Last year you brought Back To Basics to Edinburgh, how did it go & what did you take from the experience?
Samantha: Despite 3 massive knocks, as well as all the harrassment, it went well. I’m proud of myself. I got my first 4 star review and the show went on to tour with 3 professional bookings and acceptance into the Bath and Leicester comedy festivals. Heartbreakingly, I found out days before the Edinburgh run that my dear friend and supporter Sarah Munro had passed away. She was only 36. Also, I experienced professional betrayal. On the journey up, my director who I had paid £2250 told me she wouldn’t be at the fringe to support me running in the show as she had the year before. I should have had her sign a contract, but she knew what I expected and I trusted her. That really shook my confidence, I felt like she’d duped me. Then I got struck with the flu. All that and I still completed the run. I think that proves my mental stability.


This year you are involved in two projects, including your solo show, Pulling it Together. What’s your show about?
Samantha: It’s about my journey back to sanity after a mental breakdown in 2014, following the death of my Dad. I talk about my fight with public institutions to get my basic needs met as a marginalised member of society. The journey starts, and ends – with the police. My sanity has been truly tested by recent events. This is a story of resilience. I’m writing it for the one in four and those who love us.

How do you feel when you are telling such deeply personal stories & how do you hope the audience will respond?
Samantha: I hope to provoke compassion and empathy within the audience, which is mostly what happens. There were so many hugs after Back 2 Basics and people would tell me their stories. There was an emotional connection. When people come to see me, I feel connected, empowered and heard. My loneliness goes away. I read somewhere once that expression is the antidote to depression. Expressing myself feels enlightening. Connecting with people on the vibration of truth is deeply comforting.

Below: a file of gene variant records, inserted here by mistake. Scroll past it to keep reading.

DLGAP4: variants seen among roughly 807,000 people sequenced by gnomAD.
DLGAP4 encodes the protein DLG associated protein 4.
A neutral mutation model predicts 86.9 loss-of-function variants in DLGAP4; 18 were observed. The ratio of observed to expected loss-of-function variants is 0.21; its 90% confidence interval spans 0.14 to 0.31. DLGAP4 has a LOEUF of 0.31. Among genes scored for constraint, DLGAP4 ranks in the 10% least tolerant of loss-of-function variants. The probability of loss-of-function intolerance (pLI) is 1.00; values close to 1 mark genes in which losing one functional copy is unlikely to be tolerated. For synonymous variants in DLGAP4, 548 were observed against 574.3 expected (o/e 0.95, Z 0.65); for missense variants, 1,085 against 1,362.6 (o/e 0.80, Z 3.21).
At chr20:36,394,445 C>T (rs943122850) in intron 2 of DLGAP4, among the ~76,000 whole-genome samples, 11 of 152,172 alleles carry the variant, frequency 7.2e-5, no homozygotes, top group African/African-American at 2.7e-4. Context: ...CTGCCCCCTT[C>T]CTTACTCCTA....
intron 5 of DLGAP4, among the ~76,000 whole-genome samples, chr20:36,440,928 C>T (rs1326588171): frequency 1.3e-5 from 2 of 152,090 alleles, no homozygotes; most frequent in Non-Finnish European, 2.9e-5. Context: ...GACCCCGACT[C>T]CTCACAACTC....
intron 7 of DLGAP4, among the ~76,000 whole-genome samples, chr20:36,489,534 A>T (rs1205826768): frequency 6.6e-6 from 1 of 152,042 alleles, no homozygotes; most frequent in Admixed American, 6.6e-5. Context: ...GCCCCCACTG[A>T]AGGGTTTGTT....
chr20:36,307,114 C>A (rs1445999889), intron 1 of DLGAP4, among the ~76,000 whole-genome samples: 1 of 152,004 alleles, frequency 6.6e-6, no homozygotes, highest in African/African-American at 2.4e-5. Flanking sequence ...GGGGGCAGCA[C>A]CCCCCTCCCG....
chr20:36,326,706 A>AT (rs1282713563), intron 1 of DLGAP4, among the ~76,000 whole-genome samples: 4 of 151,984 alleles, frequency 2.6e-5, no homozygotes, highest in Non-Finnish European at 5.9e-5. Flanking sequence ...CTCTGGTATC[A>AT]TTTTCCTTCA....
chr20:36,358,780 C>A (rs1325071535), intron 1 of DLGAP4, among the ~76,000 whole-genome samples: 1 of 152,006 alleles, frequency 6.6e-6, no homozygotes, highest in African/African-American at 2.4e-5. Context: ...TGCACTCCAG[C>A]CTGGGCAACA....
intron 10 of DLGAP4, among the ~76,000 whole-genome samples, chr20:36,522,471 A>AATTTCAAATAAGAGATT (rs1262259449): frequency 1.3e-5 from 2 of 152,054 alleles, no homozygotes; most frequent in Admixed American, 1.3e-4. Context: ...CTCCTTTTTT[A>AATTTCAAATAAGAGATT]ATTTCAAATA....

You are also hosting Conscious Comedy for a couple of dates, can you tell us about the concept?
Samantha: It’s a sacred space, not a safe space. I see comedy as a platform for the truth. Not just another bland form of entertainment. In a way, comedy saved me. I like comedy with depth. I believe that great comedy can inspire change.

Who have you got on the line-up?
Samantha: I have got Zahra Barri doing both nights. I’ve been a fan of her work since 2015 when she did a showcase I hosted at the Edinburgh Fringe. She has a very interesting perspective, eastern meets western. Very well structured jokes and adorable as a person too. Also Alex Hylton, he’s very funny and has a warm aura on stage. I’ve seen him on my local circuit, he told me in his show he is talking about gender, identity and social politics. Looking forward to that. Also booked are; Janet Bettesworh, I gigged with her recently on a gig that was originally shut down by censors. She had a very interesting story about Greenham Common. Then there’s Dan Collins, Mags Mchugh, Paul Savage, Pope Lonergan & Alice-India Garwood. If there are any cancellations. I’ve got fellow anarchist Becky Fury on standby. She did a great job hosting the Malcolm Hardy awards last year.



You’ve got 20 seconds to sell both shows to a random on an Edinburgh street. What do you say?
Samantha: For Pulling it Together I will just quote this from my badass bipolar sister, Britney Spears; “People can take everything away from you, but they can never take away your truth but the question is, can you handle mine? They say I’m crazy.” For Conscious Comedy, this is more than jokes. It’s a platform for comedians who have something to say. It’s comedy with a conscience.